FXG 2.0 Support in Fireworks CS5 - What to expect

By: Jim Babbage

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Fireworks CS5 supports the FXG 2.0 format, giving us a lot more flexibility if we're planning to port our designs over to Flash Catalyst. This article details what is supported and - more importantly - what isn't. It will tell you what you can use with impunity and what Fireworks features to watch out for if you're planning to export your designs or artwork in the FXG format.

What is FXG?

Good question. The term gets bandied about quite a bit these days, but it's not necessarily defined. FXG stands for Flash XML Graphic. According to Adobe, it's an XML-based graphics interchange file format for the Flash Platform. The 2.0 version contains high-level graphical and text primitives that can be used to create, group, transform and visually modify basic vector and bitmap shapes. The FXG rendering model follows the Flash Player 10 rendering model and exposes all the graphics capabilities of the Flash platform as well as offering expandable support to accommodate future capabilities of the Flash Player. 

OK, and what does that mean?

Basically, it means that the format can describe basic vector shapes like rectangles, ellipses and polygons, supports rich text, and can link to bitmap graphics. Adobe seems to be pushing hard to make this a format that all the major Creative Suite applications can use. Currently, Flash CS5 Professional, Illustrator CS5 and Photoshop CS5 (PS requires a free plug in), can create and edit FXG 2.0 graphics. Fireworks CS5 can't edit the format, but it can create it via an export workflow (FXG and Images). Flash Catalyst CS5 can open or import FXG graphics and can generate them silently for round trip editing in Illustrator or Photoshop.

Admittedly, these are very simple definitions. For more information about FXG, visit http://opensource.adobe.com/wiki/display/flexsdk/FXG+2.0+Specification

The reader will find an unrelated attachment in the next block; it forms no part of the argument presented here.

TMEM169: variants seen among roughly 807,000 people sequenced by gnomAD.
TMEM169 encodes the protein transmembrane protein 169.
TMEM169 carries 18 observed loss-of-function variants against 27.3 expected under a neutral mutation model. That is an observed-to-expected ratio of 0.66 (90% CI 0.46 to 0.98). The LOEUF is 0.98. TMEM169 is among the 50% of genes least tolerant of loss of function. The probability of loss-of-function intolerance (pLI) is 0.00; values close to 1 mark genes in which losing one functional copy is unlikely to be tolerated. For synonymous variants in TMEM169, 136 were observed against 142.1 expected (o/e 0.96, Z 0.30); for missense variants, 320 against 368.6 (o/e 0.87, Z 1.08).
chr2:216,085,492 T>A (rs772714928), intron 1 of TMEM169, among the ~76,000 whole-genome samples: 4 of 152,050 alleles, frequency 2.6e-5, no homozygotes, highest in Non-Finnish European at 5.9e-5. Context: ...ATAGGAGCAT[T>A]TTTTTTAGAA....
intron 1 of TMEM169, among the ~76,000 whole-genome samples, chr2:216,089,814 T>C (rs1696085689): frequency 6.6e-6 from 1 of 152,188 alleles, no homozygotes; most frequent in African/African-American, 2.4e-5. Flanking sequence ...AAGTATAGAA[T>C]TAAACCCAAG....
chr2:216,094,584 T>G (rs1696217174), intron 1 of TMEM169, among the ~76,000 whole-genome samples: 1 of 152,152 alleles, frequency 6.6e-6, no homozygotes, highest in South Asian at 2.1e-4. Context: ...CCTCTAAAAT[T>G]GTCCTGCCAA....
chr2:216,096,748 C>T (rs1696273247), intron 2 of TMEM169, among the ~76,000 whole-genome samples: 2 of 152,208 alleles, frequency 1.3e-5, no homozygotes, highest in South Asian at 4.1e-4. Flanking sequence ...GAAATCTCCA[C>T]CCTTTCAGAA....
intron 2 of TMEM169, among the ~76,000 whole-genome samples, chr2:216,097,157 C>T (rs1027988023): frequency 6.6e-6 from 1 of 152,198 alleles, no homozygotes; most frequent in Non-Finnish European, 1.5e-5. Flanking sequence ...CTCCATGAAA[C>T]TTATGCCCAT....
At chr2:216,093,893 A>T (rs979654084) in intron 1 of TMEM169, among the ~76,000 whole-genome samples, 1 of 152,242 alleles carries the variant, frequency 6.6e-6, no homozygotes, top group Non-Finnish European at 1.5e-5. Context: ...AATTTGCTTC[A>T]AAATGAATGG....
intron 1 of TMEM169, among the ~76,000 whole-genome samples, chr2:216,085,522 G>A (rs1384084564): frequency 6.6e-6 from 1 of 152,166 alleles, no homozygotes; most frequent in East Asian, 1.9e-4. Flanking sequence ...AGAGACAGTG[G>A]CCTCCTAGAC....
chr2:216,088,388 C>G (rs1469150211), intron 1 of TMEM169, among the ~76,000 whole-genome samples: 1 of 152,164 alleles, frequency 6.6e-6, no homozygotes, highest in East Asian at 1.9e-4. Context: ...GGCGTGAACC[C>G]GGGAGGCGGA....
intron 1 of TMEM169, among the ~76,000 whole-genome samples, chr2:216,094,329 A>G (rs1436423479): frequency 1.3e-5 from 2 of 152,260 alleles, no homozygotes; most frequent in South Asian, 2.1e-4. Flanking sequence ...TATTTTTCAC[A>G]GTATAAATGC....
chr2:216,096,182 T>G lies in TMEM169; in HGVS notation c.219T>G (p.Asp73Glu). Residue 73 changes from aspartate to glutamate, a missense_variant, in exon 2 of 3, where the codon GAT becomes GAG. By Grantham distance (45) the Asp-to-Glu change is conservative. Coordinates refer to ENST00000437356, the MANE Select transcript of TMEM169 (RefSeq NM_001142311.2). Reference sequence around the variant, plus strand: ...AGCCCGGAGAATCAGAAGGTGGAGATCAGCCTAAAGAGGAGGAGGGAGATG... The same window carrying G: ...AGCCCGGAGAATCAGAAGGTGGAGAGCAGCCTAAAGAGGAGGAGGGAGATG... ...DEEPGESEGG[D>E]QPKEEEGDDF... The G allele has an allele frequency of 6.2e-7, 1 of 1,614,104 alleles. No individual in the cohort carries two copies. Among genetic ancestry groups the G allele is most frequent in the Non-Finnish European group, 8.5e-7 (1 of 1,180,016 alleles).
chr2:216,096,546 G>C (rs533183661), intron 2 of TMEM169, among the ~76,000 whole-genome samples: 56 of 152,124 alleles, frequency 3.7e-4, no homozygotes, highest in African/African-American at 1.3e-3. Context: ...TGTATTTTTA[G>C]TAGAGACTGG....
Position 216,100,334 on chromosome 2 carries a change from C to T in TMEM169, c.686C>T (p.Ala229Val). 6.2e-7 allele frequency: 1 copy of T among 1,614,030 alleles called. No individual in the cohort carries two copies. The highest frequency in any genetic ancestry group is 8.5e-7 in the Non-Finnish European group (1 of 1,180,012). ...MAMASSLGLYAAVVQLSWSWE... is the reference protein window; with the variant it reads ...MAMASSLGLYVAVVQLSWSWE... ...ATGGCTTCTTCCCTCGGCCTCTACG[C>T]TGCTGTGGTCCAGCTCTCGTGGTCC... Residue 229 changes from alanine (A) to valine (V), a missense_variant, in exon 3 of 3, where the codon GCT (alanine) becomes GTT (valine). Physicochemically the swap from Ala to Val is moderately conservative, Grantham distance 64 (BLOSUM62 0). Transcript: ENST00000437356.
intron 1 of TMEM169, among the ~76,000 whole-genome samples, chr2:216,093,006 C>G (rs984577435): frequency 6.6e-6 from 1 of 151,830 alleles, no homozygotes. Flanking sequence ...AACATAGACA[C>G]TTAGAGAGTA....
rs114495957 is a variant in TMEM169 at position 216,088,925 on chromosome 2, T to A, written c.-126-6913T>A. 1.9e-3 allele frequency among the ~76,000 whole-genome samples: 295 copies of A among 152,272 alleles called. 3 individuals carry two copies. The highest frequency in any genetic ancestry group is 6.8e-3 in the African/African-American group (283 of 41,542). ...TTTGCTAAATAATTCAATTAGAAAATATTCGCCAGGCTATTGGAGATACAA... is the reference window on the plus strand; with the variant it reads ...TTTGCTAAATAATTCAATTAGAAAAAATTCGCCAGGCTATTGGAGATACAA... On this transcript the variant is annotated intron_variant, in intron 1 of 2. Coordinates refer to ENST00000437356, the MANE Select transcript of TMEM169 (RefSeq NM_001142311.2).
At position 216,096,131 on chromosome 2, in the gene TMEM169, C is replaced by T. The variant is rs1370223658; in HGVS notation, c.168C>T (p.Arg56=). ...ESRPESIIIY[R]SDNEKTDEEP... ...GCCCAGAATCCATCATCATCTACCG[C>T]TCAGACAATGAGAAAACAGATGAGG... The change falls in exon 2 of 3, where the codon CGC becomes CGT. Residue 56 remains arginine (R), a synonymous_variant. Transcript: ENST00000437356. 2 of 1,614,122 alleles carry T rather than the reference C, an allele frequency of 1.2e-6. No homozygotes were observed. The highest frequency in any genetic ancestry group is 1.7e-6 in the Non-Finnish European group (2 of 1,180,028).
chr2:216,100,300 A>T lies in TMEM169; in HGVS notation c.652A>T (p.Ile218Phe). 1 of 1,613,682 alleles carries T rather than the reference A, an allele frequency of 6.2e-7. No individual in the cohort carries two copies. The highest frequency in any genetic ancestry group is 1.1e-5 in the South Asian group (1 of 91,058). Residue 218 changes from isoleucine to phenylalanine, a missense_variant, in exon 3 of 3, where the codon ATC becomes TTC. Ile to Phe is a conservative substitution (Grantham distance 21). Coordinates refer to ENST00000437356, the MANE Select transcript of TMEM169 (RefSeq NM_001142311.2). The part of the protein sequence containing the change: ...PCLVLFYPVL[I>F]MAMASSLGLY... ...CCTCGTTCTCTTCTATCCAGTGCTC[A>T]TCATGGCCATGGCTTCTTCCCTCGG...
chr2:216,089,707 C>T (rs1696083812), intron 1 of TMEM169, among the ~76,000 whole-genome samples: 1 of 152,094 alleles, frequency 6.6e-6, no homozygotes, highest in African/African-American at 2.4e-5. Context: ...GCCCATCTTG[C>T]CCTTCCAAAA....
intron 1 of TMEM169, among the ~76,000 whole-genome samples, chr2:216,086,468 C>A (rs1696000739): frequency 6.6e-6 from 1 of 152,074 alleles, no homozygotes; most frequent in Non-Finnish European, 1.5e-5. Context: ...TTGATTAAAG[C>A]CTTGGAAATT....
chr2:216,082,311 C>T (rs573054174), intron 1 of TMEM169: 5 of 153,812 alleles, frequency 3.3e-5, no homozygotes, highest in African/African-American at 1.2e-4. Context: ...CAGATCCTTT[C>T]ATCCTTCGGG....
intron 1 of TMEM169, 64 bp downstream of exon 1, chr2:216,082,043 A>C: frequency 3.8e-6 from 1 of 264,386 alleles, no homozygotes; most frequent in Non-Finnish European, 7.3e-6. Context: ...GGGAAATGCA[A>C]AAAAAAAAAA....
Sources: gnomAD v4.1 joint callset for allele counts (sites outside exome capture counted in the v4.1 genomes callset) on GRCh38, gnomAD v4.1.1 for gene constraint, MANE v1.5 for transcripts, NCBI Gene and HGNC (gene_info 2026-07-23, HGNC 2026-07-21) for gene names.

Why FXG in Fireworks?

The main reason is Flash Catalyst. A workflow needed to be established so that Fireworks remained a viable option for screen design of interactive projects. And nothing was being done at the Flash Catalyst end*. While FC can import PNG files, it doesn't support the modified PNG format used by Fireworks as a native format. So Fireworks PNG files get flattened when imported into FC.

This workflow began in CS4 with Fireworks supporting FXG 1.0, but the export was less than ideal. A great deal of artwork generated in Fireworks CS4 ended up being flattened into bitmaps when exported as FXG 1.0. This was not a Fireworks limitation; it was a limitation of the FXG spec. FXG 2.0 is a richer spec and supports more filters and blend modes than 1.0.

* Apparently the Flash Catalyst team was more interested in creating round trip workflows for Illustrator and Photoshop than for Adobe's primary screen design tool. My understanding, however, is that the Flash Catalyst team has every intention of supporting Fireworks PNG files in future releases. I'm taking a wait and see approach to this, however. Priorities can change, after all . . .

What does Export FXG and Images do?

The FXG export script takes your existing Fireworks design - selected object or objects, selected page or an entire multi-page prototype - and converts the artwork into FXG graphics (vectors which are described in the FXG document and exposed for editing in a text editor, if you know MXML). If the script encounters bitmaps or anything which is not supported by FXG 2.0, it converts those objects to flattened PNG files, saves them to a folder, and establishes links to the bitmaps in the FXG document.

The FXG script - like much of Fireworks - is extensible, so you can in theory create your own custom export script using JavaScript.

The advantage is that your FXG export will look practically identical to the original Fireworks design. Occasionally, text is misinterpreted and requires a little tweaking when in Flash Catalyst, but this is easy to do because Flash Catalyst supports editing of rich text.

In a nutshell, pages, states, layers, sublayers, text, symbols, vectors, masking, bitmaps, some Live Filters, gradients and blending modes are natively supported by FXG 2.0, giving you a pretty robust format with a lot of editing flexibility.

What's the catch?

This all sounds great, you say. What's the bad news? Well, the bad news is mainly that FXG is a fairly new file format. And while many Fireworks (or Photoshop or Illustrator) features are supported, there are also many which are not supported. As I mentioned earlier, anything which isn't supported does get exported as a bitmap, but you have an automatic limitation with bitmaps - they are resolution-dependant. So if you've created a button with an inner bevel in Fireworks, you will still get a button with an inner bevel in FXG, but that version of the button will be a flattened bitmap. This means you can't resize the button on the fly in Flash Catalyst.

Basically, it means you need to know what is supported by FXG 2.0 so you can plan ahead.

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